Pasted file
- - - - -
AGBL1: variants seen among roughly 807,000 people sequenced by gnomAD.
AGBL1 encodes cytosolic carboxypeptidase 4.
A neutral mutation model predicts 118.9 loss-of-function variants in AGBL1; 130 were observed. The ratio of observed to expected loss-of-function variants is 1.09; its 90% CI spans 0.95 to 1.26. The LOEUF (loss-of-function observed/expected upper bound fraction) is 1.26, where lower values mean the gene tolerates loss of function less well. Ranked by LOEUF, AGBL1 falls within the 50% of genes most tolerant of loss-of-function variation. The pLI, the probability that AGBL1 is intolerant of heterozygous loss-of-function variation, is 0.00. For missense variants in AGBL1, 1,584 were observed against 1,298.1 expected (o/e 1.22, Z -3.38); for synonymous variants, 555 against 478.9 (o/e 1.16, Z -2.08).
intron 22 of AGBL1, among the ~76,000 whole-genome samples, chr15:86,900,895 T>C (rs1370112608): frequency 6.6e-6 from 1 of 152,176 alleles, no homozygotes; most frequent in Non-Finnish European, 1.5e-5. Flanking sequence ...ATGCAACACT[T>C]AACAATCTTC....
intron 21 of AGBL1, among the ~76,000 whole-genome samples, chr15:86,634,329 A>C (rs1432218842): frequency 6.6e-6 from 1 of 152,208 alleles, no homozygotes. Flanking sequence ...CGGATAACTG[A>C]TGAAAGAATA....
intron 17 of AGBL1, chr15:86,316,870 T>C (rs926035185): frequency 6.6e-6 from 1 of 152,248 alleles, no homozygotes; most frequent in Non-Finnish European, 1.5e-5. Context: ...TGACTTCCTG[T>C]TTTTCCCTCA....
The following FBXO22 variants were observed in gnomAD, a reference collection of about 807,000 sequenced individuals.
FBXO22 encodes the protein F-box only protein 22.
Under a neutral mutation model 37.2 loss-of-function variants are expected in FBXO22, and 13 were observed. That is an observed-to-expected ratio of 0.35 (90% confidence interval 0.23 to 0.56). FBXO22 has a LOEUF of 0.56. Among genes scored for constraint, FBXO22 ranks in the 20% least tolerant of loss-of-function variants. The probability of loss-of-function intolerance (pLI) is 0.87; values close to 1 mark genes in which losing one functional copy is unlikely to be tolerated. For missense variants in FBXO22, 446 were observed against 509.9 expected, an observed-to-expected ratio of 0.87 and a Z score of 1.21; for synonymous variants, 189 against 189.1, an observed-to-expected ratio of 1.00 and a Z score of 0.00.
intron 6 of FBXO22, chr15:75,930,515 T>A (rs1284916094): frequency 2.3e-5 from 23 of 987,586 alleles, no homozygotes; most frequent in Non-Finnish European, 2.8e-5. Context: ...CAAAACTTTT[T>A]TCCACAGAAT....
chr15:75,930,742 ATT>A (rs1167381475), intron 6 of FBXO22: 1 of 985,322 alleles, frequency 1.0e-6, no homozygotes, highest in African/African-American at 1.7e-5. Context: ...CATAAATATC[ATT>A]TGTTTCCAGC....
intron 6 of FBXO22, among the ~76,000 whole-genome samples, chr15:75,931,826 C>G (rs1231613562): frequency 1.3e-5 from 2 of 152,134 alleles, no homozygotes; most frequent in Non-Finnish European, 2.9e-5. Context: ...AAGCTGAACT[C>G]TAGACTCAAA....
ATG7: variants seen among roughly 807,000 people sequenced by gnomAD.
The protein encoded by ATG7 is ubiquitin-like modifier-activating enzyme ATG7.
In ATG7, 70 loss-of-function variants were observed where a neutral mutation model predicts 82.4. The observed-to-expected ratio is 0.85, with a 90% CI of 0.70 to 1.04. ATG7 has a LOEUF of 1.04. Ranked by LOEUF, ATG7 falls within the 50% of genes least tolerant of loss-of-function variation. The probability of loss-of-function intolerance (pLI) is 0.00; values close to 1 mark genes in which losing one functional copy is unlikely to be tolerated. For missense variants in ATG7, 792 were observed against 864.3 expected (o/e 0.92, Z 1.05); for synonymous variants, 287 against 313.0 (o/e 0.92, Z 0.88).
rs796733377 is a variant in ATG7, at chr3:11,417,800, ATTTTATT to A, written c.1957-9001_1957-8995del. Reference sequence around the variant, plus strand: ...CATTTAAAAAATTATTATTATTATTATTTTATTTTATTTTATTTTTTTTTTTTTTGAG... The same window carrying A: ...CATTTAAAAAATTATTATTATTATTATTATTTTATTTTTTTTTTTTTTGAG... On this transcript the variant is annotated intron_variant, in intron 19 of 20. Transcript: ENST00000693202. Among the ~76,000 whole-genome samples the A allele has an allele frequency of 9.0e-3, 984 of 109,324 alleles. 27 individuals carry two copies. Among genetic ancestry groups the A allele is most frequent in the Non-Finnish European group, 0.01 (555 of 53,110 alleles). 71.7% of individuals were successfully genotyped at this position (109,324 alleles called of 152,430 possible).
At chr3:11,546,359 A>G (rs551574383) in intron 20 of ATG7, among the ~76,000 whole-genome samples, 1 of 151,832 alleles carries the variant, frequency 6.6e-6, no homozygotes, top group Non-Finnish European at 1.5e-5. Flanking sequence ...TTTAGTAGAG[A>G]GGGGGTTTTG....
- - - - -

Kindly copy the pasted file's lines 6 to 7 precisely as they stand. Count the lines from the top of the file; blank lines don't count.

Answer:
intron 17 of AGBL1, chr15:86,316,870 T>C (rs926035185): frequency 6.6e-6 from 1 of 152,248 alleles, no homozygotes; most frequent in Non-Finnish European, 1.5e-5. Context: ...TGACTTCCTG[T>C]TTTTCCCTCA....
The following FBXO22 variants were observed in gnomAD, a reference collection of about 807,000 sequenced individuals.